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The Endangered Status of Gray Whales: Understanding the Threats and Conservation Efforts

an animal swimming in the ocean

Gray whales are magnificent animals. They travel as far as 14,000 miles each year on their migratory routes from the Arctic to Central America and back. These 40-50-foot-long marine mammals used to roam all the waters of the Northern Hemisphere, but extensive whaling in the 19th and early 20th centuries brought gray whales to the tipping point of extinction. Even though populations have rebounded since the 1980s, gray whales are still endangered. Here’s everything you need to know about the threats gray whales face and conservationists’ efforts to protect them.

Why Are Gray Whales Endangered?

Like all other species of whales, whalers hunted gray whales in the 19th and 20th centuries for their blubber, meat, bones, and more. The industry was so profitable that many whale species went extinct or disappeared from their historic territories. Today, only two groups of gray whales are left, one in the western Pacific and one in the eastern Pacific.

There may be as few as 150 whales in the Western Pacific population, placing this group dangerously close to extinction. The eastern Pacific population of gray whales grew steadily until 2016, but birth rates decreased by 40%, and more whales are washing up dead on shore than in the past. Experts worry that this change may place the western group of gray whales back in endangered territory.

The major threats that gray whales face include:

  • Declining food sources due to climate change
  • Getting entangled in fishing gear
  • Destruction of their habitats by oil and gas exploration
  • Colliding with ships and other vessels

Gray whale conservation efforts primarily focus on climate change, the fishing industry, and energy projects.

Protected Status of Gray Whales

Gray whales are legally protected from commercial whaling, but some Aboriginal communities are allowed to make limited catches. The population of gray whales in the Pacific region are increasing, but there are some species of gray whales that are still very small. Whales are the top of the food chain in the ocean, so they play an important part in the marine environment. You may not think about it, but whale poop is also critical for the ecosystem as it fertilizes the ocean with essential nutrients needed for phytoplankton to bloom.

The Marine Mammal Protection Act lists gray whales as a protected species. Wester Pacific gray whales are endangered, and eastern Pacific gray whale numbers are recovering and are thought to be stable until the mid-2010s. Hunting whales is illegal, but hunting is no longer the primary threat these animals face. It’s important that gray whales are still listed as a protected species because it means advocates for these animals can take legal action against companies or governments that harm them.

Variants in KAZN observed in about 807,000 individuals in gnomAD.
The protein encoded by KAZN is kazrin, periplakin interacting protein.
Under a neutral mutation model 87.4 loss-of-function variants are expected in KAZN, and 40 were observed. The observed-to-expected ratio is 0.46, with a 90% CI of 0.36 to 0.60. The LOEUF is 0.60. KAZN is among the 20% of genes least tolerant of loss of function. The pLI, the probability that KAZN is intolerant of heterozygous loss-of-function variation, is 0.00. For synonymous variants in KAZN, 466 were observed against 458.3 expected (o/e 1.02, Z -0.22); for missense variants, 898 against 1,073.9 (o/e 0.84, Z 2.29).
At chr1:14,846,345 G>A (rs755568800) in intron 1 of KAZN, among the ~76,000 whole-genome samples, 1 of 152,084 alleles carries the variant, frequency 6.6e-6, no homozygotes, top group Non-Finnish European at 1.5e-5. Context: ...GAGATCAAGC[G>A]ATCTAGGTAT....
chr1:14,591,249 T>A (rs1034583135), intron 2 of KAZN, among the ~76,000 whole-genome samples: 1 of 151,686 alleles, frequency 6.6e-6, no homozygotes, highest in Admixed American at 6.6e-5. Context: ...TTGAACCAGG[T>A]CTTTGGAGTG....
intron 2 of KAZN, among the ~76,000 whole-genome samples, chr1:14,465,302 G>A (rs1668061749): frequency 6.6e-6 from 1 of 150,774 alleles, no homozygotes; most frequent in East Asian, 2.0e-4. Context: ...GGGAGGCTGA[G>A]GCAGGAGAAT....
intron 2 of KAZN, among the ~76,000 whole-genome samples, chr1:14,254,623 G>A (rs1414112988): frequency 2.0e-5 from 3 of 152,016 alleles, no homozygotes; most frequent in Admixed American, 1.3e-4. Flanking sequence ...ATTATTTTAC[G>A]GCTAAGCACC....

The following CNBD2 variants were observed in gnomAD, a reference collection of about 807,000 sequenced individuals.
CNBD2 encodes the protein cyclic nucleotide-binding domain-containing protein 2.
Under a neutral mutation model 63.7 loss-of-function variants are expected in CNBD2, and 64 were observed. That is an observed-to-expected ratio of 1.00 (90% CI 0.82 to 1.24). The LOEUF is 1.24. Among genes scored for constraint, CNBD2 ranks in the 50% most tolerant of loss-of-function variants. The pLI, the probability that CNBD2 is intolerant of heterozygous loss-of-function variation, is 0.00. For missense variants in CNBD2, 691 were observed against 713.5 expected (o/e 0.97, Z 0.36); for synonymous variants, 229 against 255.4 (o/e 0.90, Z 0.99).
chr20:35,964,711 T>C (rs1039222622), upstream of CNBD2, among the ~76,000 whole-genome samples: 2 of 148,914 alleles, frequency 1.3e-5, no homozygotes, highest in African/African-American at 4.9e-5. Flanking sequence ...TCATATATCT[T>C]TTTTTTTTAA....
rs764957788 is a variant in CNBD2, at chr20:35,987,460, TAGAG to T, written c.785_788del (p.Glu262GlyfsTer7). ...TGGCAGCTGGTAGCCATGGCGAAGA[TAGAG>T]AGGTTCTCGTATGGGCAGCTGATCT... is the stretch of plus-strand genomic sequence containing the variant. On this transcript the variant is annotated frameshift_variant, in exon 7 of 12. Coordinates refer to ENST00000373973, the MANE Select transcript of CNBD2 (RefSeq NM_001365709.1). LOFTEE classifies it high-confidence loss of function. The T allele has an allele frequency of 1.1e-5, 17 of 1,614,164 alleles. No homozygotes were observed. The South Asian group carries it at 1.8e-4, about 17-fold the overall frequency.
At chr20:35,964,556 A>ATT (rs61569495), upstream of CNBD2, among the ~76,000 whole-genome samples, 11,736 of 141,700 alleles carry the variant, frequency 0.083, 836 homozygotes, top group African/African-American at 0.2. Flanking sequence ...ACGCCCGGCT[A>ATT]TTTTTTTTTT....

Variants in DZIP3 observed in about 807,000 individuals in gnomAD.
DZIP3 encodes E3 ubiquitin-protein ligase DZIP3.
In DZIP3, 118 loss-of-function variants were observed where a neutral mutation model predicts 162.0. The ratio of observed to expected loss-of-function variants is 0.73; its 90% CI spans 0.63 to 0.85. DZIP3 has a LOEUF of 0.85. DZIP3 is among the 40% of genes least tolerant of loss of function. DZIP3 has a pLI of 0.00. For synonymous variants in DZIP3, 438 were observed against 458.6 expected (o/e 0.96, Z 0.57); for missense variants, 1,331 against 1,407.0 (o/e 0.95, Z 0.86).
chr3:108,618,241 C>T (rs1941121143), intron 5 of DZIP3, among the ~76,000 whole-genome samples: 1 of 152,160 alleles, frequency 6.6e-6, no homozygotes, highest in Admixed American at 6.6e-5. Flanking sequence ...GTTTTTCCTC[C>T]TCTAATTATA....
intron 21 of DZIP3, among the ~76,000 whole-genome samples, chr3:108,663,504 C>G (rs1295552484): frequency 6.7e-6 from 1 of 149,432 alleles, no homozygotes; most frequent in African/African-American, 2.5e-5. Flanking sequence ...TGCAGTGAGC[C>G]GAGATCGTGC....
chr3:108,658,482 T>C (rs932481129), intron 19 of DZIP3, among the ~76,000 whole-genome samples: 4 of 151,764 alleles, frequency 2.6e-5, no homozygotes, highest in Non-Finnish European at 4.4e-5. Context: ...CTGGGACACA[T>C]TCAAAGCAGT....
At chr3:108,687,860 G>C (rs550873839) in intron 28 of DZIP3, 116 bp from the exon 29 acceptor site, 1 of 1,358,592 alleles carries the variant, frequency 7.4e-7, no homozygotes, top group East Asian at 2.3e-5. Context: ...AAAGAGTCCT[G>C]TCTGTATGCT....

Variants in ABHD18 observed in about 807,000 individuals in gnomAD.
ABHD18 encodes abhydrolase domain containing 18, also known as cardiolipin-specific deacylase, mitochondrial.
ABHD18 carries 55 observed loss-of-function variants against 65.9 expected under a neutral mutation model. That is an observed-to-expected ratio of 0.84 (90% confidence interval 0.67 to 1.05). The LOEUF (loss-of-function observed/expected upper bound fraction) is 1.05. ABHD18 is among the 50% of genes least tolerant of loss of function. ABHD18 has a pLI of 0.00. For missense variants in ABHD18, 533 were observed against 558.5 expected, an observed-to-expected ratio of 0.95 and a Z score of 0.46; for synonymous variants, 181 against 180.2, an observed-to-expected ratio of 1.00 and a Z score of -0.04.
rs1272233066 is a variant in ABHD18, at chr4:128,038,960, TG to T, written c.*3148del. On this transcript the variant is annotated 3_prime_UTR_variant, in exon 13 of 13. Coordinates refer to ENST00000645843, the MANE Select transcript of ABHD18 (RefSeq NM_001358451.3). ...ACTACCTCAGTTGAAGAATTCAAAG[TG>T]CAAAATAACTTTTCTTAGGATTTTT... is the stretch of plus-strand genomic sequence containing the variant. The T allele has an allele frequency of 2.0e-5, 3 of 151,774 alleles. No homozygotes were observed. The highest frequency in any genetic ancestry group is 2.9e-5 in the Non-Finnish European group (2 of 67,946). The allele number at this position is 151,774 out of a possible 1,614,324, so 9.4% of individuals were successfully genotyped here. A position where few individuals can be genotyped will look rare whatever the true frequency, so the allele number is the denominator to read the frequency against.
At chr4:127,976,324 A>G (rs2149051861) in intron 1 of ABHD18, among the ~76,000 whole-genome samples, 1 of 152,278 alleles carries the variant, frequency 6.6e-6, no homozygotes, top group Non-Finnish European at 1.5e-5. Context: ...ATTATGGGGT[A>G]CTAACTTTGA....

animal on the water

Gray Whale Conservation Efforts

Scientists and gray whale advocates have many approaches when it comes to conservation. After the 1980s saw a moratorium placed on hunting whales, researchers got to work on improving conditions and safety for these animals in their habitats.

By studying gray whale migration patterns, scientists have helped state governments adjust oceanic shipping lanes to reduce collisions with whales in the water. Organizations also work with the fishing industry to develop new ideas and strategies to make fishing gear and crab harvesting less dangerous for whales.

Global conservation experts routinely pressure Russia and the U.S. government to end oil and gas exploration in the Arctic. They advocate for the Russian government to create a gray whale sanctuary off of Sakhalin Island, a major feeding area for these animals.

Best Time and Place To See Gray Whales

One way you can help secure a bright future for gray whales is by joining a whale-watching tour to see these marine mammals in the wild. Whale-watching exhibitions help the public understand gray whales and can also assist with scientific observation.

You can see gray whales all along the California coast, including in San Diego. The best time to see gray whales in San Diego is during the winter when they migrate south from the Arctic toward Mexico. January and February usually have many gray whale sightings near San Diego.

 Gray whale conservation is a success story that illustrates how powerful people can be when they work together for a cause. If you’re passionate about whales, join a whale-watching tour to learn more about their behaviors and habitat.